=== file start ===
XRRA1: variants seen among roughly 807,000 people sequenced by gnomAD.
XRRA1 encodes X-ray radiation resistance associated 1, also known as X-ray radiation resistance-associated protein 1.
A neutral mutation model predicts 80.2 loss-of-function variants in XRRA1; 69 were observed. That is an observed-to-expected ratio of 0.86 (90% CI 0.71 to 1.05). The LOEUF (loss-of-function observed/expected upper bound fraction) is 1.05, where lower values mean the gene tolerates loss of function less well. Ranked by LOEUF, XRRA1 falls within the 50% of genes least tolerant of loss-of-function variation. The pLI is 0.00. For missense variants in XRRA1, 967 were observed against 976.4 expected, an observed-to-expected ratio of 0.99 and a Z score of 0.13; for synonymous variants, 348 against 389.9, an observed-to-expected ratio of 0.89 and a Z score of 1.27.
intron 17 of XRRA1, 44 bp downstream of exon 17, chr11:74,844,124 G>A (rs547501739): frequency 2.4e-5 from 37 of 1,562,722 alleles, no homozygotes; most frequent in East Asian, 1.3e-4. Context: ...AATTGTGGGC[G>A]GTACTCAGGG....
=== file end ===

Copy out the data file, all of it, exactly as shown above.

XRRA1: variants seen among roughly 807,000 people sequenced by gnomAD.
XRRA1 encodes X-ray radiation resistance associated 1, also known as X-ray radiation resistance-associated protein 1.
A neutral mutation model predicts 80.2 loss-of-function variants in XRRA1; 69 were observed. That is an observed-to-expected ratio of 0.86 (90% CI 0.71 to 1.05). The LOEUF (loss-of-function observed/expected upper bound fraction) is 1.05, where lower values mean the gene tolerates loss of function less well. Ranked by LOEUF, XRRA1 falls within the 50% of genes least tolerant of loss-of-function variation. The pLI is 0.00. For missense variants in XRRA1, 967 were observed against 976.4 expected, an observed-to-expected ratio of 0.99 and a Z score of 0.13; for synonymous variants, 348 against 389.9, an observed-to-expected ratio of 0.89 and a Z score of 1.27.
intron 17 of XRRA1, 44 bp downstream of exon 17, chr11:74,844,124 G>A (rs547501739): frequency 2.4e-5 from 37 of 1,562,722 alleles, no homozygotes; most frequent in East Asian, 1.3e-4. Context: ...AATTGTGGGC[G>A]GTACTCAGGG....